Posts Tagged ‘Selected Poems


Quick Notes on Gwendolyn Brooks

These are mostly notes and observations I am writing for myself as I prepare for the Contemporary Poetry section of my comps. I will try to do this with each poet I read. Maybe the notes will be useful to others, too. Again, they are notes and observations. They are not thesis-driven arguments.


Gwendolyn BrooksGwendolyn Brooks (1917 – 1920) is an American poet and was the first black author to win the Pulitzer Prize with her book Annie Allen (1949). Langston Hughes was one of her mentors. Brooks poetry explores meter and form, politics, and the lives of many African American people (both real and fictitious), as well as “Black English vernacular” (Mickle 8).

According to Timothy Seibles in “The Black Aesthetic,” “Up to this point [the 1940s], most of the poetry written by black Americans spotlighted characters/speakers that resonated as symbols of the race, or symbols of the spirit that would sustain the race, or symbols of the suffering that black people have endured” (175). With Brooks, however, we get characters that feel real. We get inside their heads and hearts and motivations. In fact, by the time I finish Gwendolyn Brooks: Selected Poems, I feel as if Brooks created a whole new country or exposed a country filled with characters don’t traditionally appear in American poetry or who were/are rarely acknowledged in popular culture. She gives voice to the unheard and she gives it to us in their voices. Brooks can write sonnets, ballads, rhyme royals, and many brilliant form poems and free verse poems, but her creation of and delivery of these characters and making them real is what I enjoy most, especially Annie Allen in “The Anniad.”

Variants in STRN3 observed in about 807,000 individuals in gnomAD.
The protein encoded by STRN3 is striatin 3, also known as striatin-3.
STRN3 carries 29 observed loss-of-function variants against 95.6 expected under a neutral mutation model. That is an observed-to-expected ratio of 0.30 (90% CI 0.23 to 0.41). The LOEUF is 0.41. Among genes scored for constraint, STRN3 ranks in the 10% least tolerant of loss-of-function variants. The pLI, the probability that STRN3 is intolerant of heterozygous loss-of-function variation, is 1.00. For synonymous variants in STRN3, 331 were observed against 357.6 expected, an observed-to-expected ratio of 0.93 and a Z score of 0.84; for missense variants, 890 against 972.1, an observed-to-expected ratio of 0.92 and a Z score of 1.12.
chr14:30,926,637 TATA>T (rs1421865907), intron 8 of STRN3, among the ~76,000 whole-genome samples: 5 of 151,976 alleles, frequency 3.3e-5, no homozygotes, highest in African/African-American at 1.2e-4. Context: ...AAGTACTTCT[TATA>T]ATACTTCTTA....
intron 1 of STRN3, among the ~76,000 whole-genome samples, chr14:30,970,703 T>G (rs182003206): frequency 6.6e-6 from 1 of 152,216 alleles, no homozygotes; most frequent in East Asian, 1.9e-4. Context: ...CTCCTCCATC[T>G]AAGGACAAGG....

“The Anniad” is 43-stanza long poem about a poor, black woman, who is unacknowledged by “the higher gods,” vilified by “the lower gods,” and who is “underfed.” In this poem, she becomes a hero on a quest to identify herself and/or to comfortably fit herself into the world she lives in. The title “The Anniad” plays with the title to Virgil’s epic poem “The Aeneid,” and the structure of the poem uses Chaucer’s rhyme royal, though Brooks modifies it for her needs. All the stanzas use trochaic meter with a catalectic end foot, instead of iambic pentameter, and she varies the rhyme scheme of ababbcc as is needed. By calling up the epic form (the hero’s journey) and the rhyme royal, Brooks can elevate Annie Allen from a poor, hungry black woman to that of a hero, while also involving us in the life of a black woman during World War II. This begins by showing us a double consciousness (by which I mean something similar to W. E. B. DuBois’s double consciousness – the “peculiar sensation, this double-consciousness, this sense of always looking at one-self through the eyes of others, of measuring one’s soul by the tape of a world that looks on in amused contempt and pity”) that the young Annie experiences with her seeing the world through the white male stories of adventure and fantasy with the world of knights (who don’t exist) – “Watching for the paladin / Which no woman had ever had” – and the reality of who she is with “black and boisterous hair” filled with “anger.” This double consciousness is also reflected in Chaucer’s form, where Brooks uses a traditional English form but fills it with content of a poor black woman and colloquial Black English (and at times with parodies of Old English to re-emphasize the dual perceptions – her perception versus the confusing and contradictory perceptions from other standards). Throughout the long poem, Annie tries to find her identity, despite the contradictory identifiers of race and gender, or as Langston Hughes says in “The Negro Artist and the Racial Mountain”: “We younger Negro artists who create now intend to express our individual dark-skinned selves without fear or shame.” I think this is Annie’s quest, too.